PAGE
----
Between the 2008 and 2009 seasons, the Atlanta Braves went out and claimed a lefty off the waiver wire. The young man had a disastrous season with Seattle in 2008. In just under 7 innings of action, he gave up 15 runs. His time in AAA was little better as he posted a WHIP near 2.00 and an ERA near 5.00. No matter, the Braves clearly saw something in him and put in their claim. The Braves would install him as the team LOOGY in 2009 and he was very good in the role. An injury would limit his time in 2010, but when he pitched, he was even better than the year before. This year, stepping up in the face of an injury to Peter Moylan, Eric O'Flaherty has established himself as one of the best relievers in the sport. I think it is safe to say that there is no better "7th inning" guy in baseball. He's part of the vaunted O'Ventbrel group, and has been every bit as good as his counterparts Jonny Venters and Craig Kimbrel.
Yes, I realize that I'm pointing out things that are obvious to your typical Braves fan. We've all recognized for sometime now that EOF is an important player for one of baseball's most visible teams. Yet, somehow, Eric O'Flaherty has never appeared on a baseball card as a member of the Atlanta Braves.
The 2009 sets came and went with no EOF. Oh sure, Topps was able to find spots in their base set for Ruben Gotay and Jorge Campillo, just not for the Braves resident LOOGY. James Parr, he of 13 big league appearances, had, including parallels and autographs, at least 27 separate cards in the 2009 sets. The late season 2009 update sets, where players who had unexpected good years often get their cards, featured AAAA players Diory Hernandez and Barbaro Canizares, and no EOF. Perhaps, you would think, the lack of EOF appearances in the 2009 sets is more related to his prior bad year with Seattle than anything else. Well, no.
Even after establishing himself, Topps did not deem EOF worthy of a card in 2010. Sure, Reid Gorecki gets a 2010 Topps card. Michael Dunn is featured across the sets despite spending most of the year in the minors. Jordan Schafer wouldn't set foot in Atlanta in 2010, yet Topps gave him a card in the second series. Before disappearing from baseball card manufacturing in the wake of scandal and lawsuits, Upper Deck saw fit to include cards for both Parr and Gorecki in their 2010 set. How little did Topps regard EOF before this season? In the first series of their 2011 base set, Topps included a card of Rick Ankiel in a Braves uniform, but no EOF. Topps deemed a guy who had already left Atlanta as deserving, but not the lefty. To understand how that is possible, you have to look at how the baseball card hobby has changed over the years.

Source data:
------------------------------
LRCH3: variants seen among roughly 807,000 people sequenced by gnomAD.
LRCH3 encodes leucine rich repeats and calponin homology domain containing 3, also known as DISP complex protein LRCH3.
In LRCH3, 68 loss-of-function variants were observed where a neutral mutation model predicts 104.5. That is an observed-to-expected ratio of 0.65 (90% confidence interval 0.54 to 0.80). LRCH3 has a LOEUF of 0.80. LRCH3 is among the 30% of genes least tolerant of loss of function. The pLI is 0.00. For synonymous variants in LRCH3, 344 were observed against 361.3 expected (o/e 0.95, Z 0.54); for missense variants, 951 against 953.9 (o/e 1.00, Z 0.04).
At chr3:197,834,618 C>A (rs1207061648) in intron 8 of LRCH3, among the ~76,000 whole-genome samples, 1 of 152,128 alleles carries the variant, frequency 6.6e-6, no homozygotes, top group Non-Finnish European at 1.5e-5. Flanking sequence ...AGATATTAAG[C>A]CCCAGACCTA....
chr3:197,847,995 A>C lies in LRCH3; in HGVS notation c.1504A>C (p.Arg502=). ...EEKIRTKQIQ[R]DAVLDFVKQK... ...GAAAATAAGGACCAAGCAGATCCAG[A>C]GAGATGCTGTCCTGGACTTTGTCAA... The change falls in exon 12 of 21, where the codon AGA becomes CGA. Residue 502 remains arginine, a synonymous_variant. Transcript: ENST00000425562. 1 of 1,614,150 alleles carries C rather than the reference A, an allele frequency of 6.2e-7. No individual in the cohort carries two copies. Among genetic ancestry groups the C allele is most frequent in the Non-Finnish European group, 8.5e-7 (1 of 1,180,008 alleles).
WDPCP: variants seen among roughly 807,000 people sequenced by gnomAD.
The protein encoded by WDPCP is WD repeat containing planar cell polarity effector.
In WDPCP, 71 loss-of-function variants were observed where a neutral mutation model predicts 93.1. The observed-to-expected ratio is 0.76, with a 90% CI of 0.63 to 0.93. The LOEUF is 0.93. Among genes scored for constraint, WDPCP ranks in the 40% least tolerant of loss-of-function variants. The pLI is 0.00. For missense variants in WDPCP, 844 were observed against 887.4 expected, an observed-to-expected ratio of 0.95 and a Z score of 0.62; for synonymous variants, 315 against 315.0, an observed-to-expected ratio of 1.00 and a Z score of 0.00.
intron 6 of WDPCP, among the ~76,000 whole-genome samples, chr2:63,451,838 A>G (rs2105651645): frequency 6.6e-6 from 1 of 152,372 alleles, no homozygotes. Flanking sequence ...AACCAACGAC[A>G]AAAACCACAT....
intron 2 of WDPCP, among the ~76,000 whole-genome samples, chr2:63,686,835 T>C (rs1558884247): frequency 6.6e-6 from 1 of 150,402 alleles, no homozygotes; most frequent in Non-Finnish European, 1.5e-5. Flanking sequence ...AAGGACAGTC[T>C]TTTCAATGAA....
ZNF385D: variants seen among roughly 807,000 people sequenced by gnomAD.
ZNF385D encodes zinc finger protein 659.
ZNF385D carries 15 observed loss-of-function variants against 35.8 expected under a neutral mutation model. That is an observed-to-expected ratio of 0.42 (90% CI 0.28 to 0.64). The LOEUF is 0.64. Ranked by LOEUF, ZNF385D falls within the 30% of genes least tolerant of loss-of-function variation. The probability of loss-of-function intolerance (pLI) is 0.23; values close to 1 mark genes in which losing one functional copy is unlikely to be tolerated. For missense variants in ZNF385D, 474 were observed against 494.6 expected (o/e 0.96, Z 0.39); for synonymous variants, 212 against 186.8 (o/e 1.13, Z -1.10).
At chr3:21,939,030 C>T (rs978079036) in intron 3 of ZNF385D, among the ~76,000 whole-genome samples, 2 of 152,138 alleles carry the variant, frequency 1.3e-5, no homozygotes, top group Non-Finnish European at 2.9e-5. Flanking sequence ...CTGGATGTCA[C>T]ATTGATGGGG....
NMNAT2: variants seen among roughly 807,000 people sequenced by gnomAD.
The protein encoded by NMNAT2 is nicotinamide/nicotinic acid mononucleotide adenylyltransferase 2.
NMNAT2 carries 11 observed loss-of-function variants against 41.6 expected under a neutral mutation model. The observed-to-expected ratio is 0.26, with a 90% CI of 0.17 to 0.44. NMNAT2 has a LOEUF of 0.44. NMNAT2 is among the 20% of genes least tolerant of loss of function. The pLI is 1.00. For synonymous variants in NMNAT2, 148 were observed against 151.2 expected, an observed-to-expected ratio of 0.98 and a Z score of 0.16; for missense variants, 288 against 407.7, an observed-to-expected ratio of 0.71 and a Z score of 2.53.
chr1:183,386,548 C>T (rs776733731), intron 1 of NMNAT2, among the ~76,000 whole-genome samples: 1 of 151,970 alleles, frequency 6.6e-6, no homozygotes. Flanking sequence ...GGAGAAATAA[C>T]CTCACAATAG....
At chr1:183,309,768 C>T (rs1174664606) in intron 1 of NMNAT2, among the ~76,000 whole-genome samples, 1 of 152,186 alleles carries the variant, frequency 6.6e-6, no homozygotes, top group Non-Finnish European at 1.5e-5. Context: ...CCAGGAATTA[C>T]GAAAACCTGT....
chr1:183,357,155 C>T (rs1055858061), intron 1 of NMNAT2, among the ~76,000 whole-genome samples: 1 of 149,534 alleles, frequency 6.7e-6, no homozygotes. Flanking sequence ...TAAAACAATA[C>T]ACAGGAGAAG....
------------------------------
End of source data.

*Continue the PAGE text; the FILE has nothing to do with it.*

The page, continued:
There was a time, many years ago, when a baseball card set served as a sort of history of the game. If you wanted to piece together the details of a season, all you needed to do was grab a binder with the set from that year and start flipping through the pages. In the 1980s though, the hobby began a series of changes. It started with the rookie card craze which would infect every detail of every set. More and more cards were devoted to rookies at the expense of the more veteran players. (Actually, many of the cards, technically, weren't even rookies as the players would never find their way to the majors.) Speculators scooped up huge numbers of cards from the late eighties and early nineties thinking they would flip them one day to pay for their retirement or their children's education. Sadly for them, rampant overproduction and the 1995 player's strike would decimate the value of their "investments".